Ah Tan Blog
IPCC Report Issues Final Warning to Global Leaders: Immediate Action Must Be Taken to Prevent Further Disasters
Last night (20 March), a group of climate change experts gathered in the Swiss town of Interlaken to release the final Synthesis Report of the Intergovernmental Panel on Climate Change (IPCC) Sixth Assessment Report (AR6). The report summarizes the three Working Group reports published since August 2021, covering the physical science of climate change, climate impacts, adaptation and vulnerability, and climate mitigation. The most significant aspect of AR6 is that it integrates contributions from 700 climate experts worldwide, which carry a dual meaning. On the one hand, the report affirms the important role of climate science in climate policy, while on the other hand, it issues a final warning to global political and business leaders.
In other words, the technical and policy solutions to the current climate crisis already exist and are effective. Only by accelerating investment in renewable energy facilities and improving energy efficiency around the world, and scaling up policies and planning for climate adaptation and resilience, can we avoid an average global temperature rise of 1.5 degrees Celsius above pre-industrial levels. However, our time is running out, and action cannot be delayed any longer.
In fact, Professor Hoesung Lee, the IPCC chair and professor from South Korea, made it clear at a press conference that the AR6 report is significantly different from the AR5 report. It contains more practical and feasible solutions, more discussion of economic paradigms, and policy recommendations, rather than a simple scientific report. This is because climate change is an indisputable fact caused by human activities, and almost half of the world's population has been affected by it in different ways.
Climate mitigation and adaptation technologies are mature, and the capital market is not lacking. What is needed is leadership and effective strategies
An increasing number of climate science research is shifting from confirming the relationship between climate change and human activity to developing a Climate Resilient Development paradigm. In other words, we need to explore whether economic development under the new normal of climate change conforms to the low-carbon development path within 1.5 degrees, and how to demonstrate the cost-effectiveness of climate action and integrate feasible solutions for climate mitigation and adaptation. For example, we need to consider how renewable energy and energy-saving technologies can improve air quality and human health, and how electrification of energy, walking, cycling, and public transportation can improve air quality, improve health, and provide job opportunities. The government and the financial sector also need to guide us in deep decarbonisation and achieve a just transition.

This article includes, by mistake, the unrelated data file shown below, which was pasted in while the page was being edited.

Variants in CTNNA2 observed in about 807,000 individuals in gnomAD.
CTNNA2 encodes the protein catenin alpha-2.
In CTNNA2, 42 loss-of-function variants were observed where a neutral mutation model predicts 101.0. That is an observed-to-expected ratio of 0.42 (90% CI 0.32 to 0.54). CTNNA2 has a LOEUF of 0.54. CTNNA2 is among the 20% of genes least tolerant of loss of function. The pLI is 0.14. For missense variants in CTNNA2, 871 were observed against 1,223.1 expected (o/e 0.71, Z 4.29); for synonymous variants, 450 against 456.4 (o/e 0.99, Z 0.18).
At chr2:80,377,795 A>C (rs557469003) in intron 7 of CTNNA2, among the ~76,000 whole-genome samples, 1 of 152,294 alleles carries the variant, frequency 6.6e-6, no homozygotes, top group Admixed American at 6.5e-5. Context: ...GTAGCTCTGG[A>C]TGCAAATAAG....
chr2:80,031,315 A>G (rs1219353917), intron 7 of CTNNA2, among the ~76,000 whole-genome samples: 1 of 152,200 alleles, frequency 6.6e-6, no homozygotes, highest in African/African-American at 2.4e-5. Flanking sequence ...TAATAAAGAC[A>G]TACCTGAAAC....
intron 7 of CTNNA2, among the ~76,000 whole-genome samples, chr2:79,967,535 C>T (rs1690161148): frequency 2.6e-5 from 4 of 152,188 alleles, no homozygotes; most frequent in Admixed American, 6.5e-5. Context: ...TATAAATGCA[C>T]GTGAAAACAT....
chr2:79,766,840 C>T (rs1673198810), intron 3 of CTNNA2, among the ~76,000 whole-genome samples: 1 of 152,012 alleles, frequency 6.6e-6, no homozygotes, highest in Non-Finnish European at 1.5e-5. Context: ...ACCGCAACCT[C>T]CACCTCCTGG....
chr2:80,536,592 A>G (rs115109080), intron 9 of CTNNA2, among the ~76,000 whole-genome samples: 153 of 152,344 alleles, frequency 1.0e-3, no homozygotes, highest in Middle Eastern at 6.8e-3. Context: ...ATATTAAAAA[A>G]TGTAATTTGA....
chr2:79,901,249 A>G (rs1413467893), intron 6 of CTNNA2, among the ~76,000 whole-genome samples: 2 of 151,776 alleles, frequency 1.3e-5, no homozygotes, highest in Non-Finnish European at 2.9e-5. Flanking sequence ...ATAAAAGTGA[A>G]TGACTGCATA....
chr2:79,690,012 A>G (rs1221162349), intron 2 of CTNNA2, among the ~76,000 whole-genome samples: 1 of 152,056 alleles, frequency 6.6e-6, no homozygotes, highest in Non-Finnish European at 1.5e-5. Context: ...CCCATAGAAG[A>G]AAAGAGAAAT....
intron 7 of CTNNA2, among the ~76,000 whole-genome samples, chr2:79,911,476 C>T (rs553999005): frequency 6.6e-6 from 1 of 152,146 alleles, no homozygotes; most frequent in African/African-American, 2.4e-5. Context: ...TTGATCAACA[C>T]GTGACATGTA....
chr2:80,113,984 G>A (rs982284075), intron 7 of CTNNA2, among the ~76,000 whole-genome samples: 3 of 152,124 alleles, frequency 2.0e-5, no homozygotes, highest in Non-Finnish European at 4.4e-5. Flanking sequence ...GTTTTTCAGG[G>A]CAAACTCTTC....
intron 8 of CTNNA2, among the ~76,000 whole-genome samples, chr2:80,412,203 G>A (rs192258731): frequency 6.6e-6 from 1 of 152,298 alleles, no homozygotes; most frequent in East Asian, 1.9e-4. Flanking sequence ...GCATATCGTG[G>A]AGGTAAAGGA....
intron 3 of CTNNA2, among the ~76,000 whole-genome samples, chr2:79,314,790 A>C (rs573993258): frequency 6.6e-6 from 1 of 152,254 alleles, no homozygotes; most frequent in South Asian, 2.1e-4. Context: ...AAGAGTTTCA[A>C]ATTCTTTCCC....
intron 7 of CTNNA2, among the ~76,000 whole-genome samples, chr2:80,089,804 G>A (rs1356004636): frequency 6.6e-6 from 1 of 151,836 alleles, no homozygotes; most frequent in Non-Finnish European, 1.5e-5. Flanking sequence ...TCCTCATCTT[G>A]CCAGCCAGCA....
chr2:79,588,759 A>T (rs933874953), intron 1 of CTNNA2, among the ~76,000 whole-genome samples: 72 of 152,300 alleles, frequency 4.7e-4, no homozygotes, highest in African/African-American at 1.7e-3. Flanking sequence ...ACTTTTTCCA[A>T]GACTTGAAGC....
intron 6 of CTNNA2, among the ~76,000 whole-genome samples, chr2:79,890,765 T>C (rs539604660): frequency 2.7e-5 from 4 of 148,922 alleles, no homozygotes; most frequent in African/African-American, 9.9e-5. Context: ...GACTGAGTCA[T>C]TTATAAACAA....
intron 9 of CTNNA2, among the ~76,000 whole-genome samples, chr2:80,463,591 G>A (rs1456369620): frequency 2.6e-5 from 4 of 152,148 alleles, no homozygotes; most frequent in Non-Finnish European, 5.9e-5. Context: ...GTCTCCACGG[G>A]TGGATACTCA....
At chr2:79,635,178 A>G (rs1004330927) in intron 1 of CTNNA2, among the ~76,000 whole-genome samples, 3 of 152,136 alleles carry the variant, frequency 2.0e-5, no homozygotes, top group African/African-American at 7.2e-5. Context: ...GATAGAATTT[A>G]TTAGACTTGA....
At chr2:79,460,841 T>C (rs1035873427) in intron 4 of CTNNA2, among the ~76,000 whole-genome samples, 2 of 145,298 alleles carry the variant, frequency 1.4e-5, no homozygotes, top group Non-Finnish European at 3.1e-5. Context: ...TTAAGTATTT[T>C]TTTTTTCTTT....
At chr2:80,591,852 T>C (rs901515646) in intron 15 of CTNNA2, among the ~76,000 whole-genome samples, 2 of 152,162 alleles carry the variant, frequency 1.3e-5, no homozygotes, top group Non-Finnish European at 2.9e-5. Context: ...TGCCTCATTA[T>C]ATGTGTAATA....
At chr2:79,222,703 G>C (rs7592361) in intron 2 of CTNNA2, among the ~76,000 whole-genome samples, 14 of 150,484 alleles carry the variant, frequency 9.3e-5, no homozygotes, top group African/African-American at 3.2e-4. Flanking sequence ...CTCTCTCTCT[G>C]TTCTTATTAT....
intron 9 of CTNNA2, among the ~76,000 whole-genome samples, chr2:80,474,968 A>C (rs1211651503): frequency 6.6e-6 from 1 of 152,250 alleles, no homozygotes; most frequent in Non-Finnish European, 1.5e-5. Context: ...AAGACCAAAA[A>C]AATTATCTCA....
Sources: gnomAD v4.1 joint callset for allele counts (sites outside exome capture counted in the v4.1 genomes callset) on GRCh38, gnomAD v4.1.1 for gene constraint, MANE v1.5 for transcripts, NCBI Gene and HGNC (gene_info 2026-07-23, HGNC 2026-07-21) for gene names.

The IPCC report proposes several important policy recommendations. First, we must achieve cutting carbon emission by half and carbon neutrality by 2030 and 2050 respectively, and continue to make significant investments to increase the proportion of renewable energy and establish carbon reduction targets in major sectors. Second, effective climate adaptation actions must be planned and implemented in all sectors. The report emphasizes the need to prioritize lowering climate risks for low-income and vulnerable communities and doubling financial support for climate action to bring maximum benefits to society. Finally, we need funding to achieve climate mitigation and adaptation goals. The government can guide investors through public finance and send clear policy signals to them, and investors, central banks, and financial regulatory agencies can also play a role. Increasing climate investment is crucial to achieving global climate goals.